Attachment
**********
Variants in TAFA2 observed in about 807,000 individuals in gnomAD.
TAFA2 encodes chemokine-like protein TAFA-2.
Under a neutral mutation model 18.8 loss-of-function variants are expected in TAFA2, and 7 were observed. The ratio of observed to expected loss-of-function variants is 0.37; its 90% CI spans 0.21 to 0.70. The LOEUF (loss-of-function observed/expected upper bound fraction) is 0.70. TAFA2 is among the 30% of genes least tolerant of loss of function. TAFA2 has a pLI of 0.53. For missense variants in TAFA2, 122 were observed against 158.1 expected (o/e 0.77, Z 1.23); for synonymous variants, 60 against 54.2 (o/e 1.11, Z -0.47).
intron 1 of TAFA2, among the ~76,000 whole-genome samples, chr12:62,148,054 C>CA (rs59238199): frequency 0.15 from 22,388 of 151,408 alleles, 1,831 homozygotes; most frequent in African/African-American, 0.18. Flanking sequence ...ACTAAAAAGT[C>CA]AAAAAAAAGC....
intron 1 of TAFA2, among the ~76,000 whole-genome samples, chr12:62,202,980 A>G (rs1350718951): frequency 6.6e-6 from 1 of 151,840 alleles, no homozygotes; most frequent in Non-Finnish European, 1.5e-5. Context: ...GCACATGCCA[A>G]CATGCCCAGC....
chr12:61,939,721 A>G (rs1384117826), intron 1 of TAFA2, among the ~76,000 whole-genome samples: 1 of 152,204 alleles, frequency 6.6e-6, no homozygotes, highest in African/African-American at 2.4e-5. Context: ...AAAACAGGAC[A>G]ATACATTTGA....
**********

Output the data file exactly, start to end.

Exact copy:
Variants in TAFA2 observed in about 807,000 individuals in gnomAD.
TAFA2 encodes chemokine-like protein TAFA-2.
Under a neutral mutation model 18.8 loss-of-function variants are expected in TAFA2, and 7 were observed. The ratio of observed to expected loss-of-function variants is 0.37; its 90% CI spans 0.21 to 0.70. The LOEUF (loss-of-function observed/expected upper bound fraction) is 0.70. TAFA2 is among the 30% of genes least tolerant of loss of function. TAFA2 has a pLI of 0.53. For missense variants in TAFA2, 122 were observed against 158.1 expected (o/e 0.77, Z 1.23); for synonymous variants, 60 against 54.2 (o/e 1.11, Z -0.47).
intron 1 of TAFA2, among the ~76,000 whole-genome samples, chr12:62,148,054 C>CA (rs59238199): frequency 0.15 from 22,388 of 151,408 alleles, 1,831 homozygotes; most frequent in African/African-American, 0.18. Flanking sequence ...ACTAAAAAGT[C>CA]AAAAAAAAGC....
intron 1 of TAFA2, among the ~76,000 whole-genome samples, chr12:62,202,980 A>G (rs1350718951): frequency 6.6e-6 from 1 of 151,840 alleles, no homozygotes; most frequent in Non-Finnish European, 1.5e-5. Context: ...GCACATGCCA[A>G]CATGCCCAGC....
chr12:61,939,721 A>G (rs1384117826), intron 1 of TAFA2, among the ~76,000 whole-genome samples: 1 of 152,204 alleles, frequency 6.6e-6, no homozygotes, highest in African/African-American at 2.4e-5. Context: ...AAAACAGGAC[A>G]ATACATTTGA....